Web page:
U.S. election season is already heating up, with the first presidential debate of the 2020 campaign season held two weeks ago. And as the past few years have shown, we know elections matter.
Data released from California’s pesticide drift air monitoring program — which measured air monitoring data every year from 2010 to 2018 — revealed that many pesticides were measured at significant concentrations in the air. Some pesticides were present at concentrations higher than state designated “health screening levels”, which denote a high enough concentration of pesticide drift known to regulatory agencies to cause health harms in humans. The air monitoring stations were all located at elementary, middle, and high schools.
Earlier this month, to the outrage of current employees, members of Congress, and outside observers, Agriculture Secretary Sonny Perdue announced the decision to relocate two Department of Agriculture research agencies to Kansas City, Missouri.
We know that ending reliance on hazardous pesticides can only happen by creating healthy, just food and farming systems — and this means for all of us. One way we can do this? A safer, more transparent food chain. The EFI program is designed to signify that workers harvesting your produce are treated well and compensated fairly, while also including standards for food safety and pest management. That’s why we’re encouraging people to learn more about and take action for Equitable Food Initiative (EFI) certified produce as we celebrate EFI’s #GrowTheGood campaign through July 5.
Earlier this month, the Minnesota Court of Appeals announced that the previous environmental review of the contested Line 3 pipeline was inadequate. Their reasoning? The Canadian energy giant Enbridge had failed to consider the potential impact of an oil spill in Lake Superior’s watershed.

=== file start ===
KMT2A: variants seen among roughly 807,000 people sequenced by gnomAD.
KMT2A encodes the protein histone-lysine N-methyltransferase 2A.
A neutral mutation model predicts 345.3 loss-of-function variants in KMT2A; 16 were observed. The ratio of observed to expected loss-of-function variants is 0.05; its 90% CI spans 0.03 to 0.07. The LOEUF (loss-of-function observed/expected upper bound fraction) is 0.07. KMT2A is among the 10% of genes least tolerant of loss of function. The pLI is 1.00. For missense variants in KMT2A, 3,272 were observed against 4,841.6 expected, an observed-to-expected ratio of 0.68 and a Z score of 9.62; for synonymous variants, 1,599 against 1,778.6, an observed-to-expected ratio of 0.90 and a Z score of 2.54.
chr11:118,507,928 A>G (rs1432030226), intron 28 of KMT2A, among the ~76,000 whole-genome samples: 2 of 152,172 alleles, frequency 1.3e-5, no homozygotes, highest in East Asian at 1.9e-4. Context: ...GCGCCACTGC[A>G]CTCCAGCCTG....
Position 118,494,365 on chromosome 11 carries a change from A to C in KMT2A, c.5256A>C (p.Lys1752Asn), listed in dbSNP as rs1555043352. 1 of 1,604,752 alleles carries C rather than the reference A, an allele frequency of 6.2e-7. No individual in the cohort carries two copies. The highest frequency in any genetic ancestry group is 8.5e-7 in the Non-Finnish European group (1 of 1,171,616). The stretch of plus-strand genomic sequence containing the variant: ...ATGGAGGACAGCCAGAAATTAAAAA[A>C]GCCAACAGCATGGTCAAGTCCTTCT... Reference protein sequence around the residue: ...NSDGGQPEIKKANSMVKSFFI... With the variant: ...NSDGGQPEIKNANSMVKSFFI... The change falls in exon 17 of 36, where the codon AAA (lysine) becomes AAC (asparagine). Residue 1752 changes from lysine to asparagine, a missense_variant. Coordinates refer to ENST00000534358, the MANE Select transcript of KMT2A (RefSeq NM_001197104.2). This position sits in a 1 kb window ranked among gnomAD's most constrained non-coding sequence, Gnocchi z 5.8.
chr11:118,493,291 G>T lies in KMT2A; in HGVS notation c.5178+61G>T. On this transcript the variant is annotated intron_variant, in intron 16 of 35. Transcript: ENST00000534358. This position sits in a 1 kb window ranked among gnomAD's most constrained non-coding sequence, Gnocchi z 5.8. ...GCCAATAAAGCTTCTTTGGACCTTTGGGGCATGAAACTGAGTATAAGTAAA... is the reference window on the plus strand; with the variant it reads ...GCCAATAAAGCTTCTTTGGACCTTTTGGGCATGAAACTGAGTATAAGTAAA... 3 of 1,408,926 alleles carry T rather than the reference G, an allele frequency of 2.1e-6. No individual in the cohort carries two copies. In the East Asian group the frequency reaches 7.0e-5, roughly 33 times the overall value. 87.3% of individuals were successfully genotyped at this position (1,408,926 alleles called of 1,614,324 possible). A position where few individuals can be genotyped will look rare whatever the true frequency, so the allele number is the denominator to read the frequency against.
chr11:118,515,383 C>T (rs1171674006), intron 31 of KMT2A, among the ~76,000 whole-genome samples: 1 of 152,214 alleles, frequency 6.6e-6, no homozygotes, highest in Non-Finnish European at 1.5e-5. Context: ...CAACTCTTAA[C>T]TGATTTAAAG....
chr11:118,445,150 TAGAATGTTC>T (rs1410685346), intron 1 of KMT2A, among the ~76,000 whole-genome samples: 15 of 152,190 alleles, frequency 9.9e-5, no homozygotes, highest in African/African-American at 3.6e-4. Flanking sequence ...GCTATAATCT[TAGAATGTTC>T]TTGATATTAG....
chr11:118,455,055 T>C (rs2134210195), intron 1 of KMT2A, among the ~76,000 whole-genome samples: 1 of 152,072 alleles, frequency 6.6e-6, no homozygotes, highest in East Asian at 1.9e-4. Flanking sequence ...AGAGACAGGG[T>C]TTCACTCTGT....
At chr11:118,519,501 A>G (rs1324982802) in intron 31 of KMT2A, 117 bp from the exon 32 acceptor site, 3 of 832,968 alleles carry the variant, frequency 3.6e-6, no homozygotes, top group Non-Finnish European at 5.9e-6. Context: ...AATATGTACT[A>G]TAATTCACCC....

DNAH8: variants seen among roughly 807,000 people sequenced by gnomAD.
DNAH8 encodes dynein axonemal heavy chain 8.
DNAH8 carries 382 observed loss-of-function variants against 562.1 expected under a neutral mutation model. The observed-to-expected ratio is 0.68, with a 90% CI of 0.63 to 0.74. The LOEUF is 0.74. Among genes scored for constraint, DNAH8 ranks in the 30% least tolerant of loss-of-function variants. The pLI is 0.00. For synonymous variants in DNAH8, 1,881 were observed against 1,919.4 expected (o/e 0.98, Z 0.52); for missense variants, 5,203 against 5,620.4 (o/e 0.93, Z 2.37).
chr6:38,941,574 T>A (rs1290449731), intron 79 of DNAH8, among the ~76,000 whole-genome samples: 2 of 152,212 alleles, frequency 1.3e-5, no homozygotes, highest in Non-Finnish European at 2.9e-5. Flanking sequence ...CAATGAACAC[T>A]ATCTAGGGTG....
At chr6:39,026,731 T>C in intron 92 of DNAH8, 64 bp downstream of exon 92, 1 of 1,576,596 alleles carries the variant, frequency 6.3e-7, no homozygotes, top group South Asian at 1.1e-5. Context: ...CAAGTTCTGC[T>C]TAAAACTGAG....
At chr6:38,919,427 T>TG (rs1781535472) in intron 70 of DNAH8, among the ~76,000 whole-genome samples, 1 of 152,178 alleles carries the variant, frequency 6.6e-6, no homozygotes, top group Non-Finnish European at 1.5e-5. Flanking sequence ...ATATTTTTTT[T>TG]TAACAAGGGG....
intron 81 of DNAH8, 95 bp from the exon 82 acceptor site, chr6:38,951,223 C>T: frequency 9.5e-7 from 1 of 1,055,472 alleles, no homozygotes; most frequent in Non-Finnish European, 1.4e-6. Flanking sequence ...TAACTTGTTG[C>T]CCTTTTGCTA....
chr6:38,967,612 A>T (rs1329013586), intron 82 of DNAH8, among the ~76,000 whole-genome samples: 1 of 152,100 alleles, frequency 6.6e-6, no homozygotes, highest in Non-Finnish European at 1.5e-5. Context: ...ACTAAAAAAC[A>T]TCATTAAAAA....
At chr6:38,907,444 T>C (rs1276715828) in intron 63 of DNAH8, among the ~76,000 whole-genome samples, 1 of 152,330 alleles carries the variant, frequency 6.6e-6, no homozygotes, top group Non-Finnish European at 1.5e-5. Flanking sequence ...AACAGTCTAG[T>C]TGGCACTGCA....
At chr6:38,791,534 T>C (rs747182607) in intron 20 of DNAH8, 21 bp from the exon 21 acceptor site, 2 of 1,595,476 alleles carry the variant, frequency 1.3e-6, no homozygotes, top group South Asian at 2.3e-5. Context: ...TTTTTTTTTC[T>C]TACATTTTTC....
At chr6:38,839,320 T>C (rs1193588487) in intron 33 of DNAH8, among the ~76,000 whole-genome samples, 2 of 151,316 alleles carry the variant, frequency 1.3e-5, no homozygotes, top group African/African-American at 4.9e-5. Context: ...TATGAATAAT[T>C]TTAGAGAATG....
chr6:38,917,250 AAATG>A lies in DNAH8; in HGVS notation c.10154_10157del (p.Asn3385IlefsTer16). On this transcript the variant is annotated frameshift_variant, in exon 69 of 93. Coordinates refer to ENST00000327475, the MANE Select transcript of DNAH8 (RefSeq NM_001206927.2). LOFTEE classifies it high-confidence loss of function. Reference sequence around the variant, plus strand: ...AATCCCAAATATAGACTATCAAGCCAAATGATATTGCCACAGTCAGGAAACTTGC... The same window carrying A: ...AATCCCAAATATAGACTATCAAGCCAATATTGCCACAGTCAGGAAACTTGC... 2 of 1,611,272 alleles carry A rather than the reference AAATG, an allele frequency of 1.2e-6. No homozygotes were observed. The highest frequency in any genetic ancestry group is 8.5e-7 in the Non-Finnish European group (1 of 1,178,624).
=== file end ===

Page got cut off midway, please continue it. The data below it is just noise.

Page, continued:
50 years ago the USA led the way in regulating pesticides, but research published this week in Environmental Health finds that the country is still using many pesticides that are either banned or being phased out in the EU, China and Brazil. In this blog Nathan Donley, author of the research, tells us about his study and how an unofficial policy of relying on voluntary pesticide cancellations has led to this situation. This is a repost of a blog originally published on BioMed Central.
PAN recently spoke with author Mark Schapiro about the state of our food and farming system and the release of his new book Seeds of Resistance — “an expose of the high-stakes battle underway for control of the world’s seeds as climate volatility threatens the security of our food supply.”
A report released in May from a PAN International Swiss partner organization called Public Eye analyzed the sales of highly hazardous pesticides (HHPs) globally, with a focus on sales by the agrichemical corporation Syngenta. The findings? Syngenta (and other pesticide companies) are making a lot of money selling dangerous pesticides, and low to middle income countries (LMICs) are bearing the brunt of the hazards.
The pesticide world has been abuzz with the outcome of the third glyphosate trial. Earlier this month, Bayer (Monsanto) was found liable for Alva and Alberta Pilliod’s non-Hodgkin’s lymphoma, and was ordered to pay over $2 billion total in damages.